Getting Your Financial Ducks In A Row Rotating Header Image

Limits on Social Security Disability Coverage

Photo credit: steelo

When you leave full-time employment, there is a period of time after that when you will continue to be covered by Social Security Disability Benefits. Welcome to the 20/40 Rule.

The 20/40 Rule

If you have become disabled after you’ve left employment, you may be eligible for Social Security Disability Benefits – assuming that you’re under Full Retirement Age (FRA). In a case such as this, if you have worked the required number of quarters to be eligible for Disability Benefits, the rule is that you must have worked 20 quarters out of the previous 40 quarters, earning at least the minimum.

This is the 20/40 Rule. The quarters don’t need to be consecutive, but it must be 20 out of the 40 quarters just prior to the onset of the disability. Another way to look at it is that for five years after you leave employment you will continue to be covered by Social Security Disability Benefits, again assuming that you’re under FRA.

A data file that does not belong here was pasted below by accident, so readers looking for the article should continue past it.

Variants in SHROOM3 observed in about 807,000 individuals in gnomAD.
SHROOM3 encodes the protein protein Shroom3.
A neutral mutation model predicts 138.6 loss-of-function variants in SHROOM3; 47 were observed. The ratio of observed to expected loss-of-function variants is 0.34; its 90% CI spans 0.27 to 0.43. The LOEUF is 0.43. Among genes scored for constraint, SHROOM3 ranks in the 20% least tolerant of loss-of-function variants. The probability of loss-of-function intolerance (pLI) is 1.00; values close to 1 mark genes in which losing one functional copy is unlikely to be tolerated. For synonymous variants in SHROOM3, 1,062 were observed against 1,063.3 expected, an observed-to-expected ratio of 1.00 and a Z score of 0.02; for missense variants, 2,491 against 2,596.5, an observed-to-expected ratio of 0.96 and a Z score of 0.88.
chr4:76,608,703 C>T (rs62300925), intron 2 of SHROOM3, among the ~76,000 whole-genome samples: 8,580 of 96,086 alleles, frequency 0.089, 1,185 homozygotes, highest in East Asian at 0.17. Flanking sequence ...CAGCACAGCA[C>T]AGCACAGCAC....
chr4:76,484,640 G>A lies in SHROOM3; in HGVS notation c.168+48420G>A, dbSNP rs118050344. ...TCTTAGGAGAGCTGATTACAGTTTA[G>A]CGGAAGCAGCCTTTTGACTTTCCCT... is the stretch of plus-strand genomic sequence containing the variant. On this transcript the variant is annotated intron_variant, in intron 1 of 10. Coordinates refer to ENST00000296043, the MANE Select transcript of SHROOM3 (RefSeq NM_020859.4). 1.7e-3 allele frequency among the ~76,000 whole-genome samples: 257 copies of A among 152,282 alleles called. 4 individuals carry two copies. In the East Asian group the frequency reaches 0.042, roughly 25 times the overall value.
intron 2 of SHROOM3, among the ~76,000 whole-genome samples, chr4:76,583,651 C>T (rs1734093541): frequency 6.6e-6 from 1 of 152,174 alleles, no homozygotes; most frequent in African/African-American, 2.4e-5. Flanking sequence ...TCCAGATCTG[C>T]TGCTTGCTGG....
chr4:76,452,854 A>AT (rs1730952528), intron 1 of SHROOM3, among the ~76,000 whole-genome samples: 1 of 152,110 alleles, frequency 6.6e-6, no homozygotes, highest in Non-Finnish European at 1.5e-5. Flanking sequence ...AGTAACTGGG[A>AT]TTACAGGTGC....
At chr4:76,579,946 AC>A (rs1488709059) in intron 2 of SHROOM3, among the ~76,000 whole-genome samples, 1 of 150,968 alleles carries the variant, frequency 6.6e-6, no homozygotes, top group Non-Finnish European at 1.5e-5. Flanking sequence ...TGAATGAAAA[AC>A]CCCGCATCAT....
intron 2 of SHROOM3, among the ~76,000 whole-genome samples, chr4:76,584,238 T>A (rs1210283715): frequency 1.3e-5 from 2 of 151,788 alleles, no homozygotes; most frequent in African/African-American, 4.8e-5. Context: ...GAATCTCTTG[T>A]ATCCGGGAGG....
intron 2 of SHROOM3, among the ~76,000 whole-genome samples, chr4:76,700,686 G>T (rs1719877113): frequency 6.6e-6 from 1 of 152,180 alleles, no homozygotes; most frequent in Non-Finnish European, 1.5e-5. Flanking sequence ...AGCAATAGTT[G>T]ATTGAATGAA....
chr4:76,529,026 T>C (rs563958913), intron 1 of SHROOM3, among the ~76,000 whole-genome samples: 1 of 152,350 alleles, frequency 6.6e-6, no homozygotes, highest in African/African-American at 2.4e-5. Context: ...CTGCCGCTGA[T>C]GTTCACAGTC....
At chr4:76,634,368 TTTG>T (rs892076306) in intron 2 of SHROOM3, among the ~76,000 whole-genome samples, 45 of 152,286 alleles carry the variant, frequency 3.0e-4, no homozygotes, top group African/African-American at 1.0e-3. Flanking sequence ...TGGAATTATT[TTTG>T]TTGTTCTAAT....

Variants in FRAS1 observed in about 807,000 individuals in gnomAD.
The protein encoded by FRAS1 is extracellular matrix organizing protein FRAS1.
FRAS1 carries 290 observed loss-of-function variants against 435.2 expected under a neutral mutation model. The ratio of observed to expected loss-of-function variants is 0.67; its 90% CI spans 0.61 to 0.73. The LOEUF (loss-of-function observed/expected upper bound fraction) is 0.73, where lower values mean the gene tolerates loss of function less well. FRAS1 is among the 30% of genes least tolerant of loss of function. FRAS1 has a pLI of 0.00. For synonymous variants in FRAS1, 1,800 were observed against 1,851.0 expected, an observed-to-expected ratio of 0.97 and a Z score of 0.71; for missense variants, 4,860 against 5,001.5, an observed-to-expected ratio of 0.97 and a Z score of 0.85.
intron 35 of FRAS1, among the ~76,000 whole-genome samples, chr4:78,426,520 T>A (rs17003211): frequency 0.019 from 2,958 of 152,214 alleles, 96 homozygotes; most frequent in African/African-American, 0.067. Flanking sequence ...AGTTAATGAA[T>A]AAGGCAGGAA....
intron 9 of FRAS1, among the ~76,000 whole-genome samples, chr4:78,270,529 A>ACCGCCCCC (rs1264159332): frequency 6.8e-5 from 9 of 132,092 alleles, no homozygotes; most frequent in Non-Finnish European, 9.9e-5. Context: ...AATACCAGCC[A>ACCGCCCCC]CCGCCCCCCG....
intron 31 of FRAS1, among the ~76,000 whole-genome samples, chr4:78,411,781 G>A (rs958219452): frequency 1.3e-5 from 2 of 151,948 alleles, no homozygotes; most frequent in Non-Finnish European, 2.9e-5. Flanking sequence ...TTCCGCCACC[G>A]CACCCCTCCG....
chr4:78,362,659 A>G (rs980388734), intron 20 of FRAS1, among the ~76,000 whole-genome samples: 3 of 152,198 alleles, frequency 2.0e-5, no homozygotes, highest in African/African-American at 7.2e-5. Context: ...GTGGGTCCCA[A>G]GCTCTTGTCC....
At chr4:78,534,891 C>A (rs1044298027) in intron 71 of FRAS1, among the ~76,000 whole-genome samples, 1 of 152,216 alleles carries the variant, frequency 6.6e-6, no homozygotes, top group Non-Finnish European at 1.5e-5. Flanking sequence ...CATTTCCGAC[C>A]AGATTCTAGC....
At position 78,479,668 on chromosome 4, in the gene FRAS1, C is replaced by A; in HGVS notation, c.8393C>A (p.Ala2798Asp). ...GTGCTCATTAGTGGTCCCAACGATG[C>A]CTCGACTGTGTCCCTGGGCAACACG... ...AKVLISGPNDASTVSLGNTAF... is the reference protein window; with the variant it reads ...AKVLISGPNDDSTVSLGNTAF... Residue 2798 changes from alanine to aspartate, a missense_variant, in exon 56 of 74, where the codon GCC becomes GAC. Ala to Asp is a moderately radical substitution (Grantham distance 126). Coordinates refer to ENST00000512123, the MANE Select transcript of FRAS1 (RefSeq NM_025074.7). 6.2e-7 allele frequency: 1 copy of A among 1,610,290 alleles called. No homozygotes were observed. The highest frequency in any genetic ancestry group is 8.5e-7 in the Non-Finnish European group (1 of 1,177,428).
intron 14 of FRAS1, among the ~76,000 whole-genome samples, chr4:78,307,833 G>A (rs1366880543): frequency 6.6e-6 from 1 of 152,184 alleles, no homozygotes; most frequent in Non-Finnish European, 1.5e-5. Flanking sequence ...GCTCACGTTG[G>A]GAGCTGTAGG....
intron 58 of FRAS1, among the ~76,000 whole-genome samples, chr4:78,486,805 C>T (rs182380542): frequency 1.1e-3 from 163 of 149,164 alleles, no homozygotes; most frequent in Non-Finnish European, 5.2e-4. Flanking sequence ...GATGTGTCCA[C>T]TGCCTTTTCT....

If you work, even part-time, ($1,730 earned in a quarter for 2024), this will count as a quarter for your coverage.

The 20/40 Rule is adjusted for age, as well. If you’re under age 24 when you become disabled, you must have worked for 6 quarters out of the prior 12 quarters before you become disabled. Between ages 24 and 31, the numbers are half of the quarters after your age 21 – so if you’re 29, you would need to have 16 of the 32 quarters after your age 21. After you reach age 31, the 20/40 Rule lives up to its name – 20 quarters out of the prior 40.

Once you reach FRA, Social Security Disability Benefits are converted to Retirement Benefits, so this rule doesn’t apply any more.

Get involved!

Discover more from Getting Your Financial Ducks In A Row

Subscribe now to keep reading and get access to the full archive.

Continue reading